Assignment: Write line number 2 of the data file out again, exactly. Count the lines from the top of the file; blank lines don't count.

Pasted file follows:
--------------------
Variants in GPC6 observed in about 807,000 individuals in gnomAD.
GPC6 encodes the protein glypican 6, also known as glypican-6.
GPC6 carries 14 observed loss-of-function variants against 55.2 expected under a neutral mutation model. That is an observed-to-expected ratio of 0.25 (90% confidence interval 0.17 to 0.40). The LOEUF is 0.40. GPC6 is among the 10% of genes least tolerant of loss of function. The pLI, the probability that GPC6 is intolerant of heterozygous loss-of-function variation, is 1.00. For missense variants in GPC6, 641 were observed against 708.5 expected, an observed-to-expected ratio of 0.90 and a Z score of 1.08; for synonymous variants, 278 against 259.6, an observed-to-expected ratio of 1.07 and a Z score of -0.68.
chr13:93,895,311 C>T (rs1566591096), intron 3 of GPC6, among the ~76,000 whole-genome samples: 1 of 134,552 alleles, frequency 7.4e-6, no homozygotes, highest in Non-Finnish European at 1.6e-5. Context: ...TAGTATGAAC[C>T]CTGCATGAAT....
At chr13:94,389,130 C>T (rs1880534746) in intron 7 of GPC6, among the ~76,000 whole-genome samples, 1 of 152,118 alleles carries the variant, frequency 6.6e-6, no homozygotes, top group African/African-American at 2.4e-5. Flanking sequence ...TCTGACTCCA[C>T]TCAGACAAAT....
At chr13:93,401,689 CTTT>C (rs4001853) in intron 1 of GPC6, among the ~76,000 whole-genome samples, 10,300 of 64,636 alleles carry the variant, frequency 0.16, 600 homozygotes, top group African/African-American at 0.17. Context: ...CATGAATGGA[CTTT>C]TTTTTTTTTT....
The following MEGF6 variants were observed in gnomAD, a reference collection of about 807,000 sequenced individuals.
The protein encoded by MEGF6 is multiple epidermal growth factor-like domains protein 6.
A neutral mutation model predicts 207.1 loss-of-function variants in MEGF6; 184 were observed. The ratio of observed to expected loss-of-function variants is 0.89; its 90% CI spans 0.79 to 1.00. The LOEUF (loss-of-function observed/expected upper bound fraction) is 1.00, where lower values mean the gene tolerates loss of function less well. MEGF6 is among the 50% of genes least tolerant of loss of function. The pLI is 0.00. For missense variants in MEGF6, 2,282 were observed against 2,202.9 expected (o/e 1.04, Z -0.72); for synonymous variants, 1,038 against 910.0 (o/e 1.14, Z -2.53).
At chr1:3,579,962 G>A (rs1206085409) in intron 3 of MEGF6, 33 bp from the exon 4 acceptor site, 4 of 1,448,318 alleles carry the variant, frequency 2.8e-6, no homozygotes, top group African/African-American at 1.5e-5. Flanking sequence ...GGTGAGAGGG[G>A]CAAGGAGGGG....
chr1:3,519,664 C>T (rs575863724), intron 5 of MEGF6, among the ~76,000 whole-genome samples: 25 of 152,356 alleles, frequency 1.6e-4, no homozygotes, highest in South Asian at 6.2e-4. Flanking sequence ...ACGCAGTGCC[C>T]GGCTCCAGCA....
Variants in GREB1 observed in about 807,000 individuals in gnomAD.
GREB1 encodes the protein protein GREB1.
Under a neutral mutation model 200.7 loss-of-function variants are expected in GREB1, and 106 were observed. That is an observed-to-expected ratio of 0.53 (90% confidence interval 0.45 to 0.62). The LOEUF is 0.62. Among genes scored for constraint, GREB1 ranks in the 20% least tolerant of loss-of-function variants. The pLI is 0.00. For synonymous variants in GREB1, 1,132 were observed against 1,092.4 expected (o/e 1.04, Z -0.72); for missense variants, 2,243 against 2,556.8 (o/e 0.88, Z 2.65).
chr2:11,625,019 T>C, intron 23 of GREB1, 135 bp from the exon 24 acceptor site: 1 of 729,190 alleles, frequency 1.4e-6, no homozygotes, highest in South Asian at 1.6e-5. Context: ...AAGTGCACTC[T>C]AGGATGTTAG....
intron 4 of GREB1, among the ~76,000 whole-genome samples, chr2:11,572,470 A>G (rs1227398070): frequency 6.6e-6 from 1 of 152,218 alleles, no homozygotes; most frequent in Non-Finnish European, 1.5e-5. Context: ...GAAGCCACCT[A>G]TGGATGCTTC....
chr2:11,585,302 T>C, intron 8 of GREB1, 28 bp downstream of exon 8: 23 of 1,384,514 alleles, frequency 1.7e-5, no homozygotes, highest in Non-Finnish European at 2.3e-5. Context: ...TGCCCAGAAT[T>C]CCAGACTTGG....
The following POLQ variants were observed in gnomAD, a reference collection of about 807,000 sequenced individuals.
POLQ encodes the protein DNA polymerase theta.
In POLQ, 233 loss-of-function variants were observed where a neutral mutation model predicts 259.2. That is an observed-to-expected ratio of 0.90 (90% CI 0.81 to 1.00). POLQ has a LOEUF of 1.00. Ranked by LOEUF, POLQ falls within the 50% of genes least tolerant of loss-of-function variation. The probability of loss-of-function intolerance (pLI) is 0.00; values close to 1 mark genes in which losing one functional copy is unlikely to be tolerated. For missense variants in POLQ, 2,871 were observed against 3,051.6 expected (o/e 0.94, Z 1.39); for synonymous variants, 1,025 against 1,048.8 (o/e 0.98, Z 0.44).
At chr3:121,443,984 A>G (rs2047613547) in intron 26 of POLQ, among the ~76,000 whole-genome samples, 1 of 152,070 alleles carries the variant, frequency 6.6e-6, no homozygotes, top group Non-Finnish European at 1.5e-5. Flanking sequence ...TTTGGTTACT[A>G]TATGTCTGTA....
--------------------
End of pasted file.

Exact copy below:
GPC6 encodes the protein glypican 6, also known as glypican-6.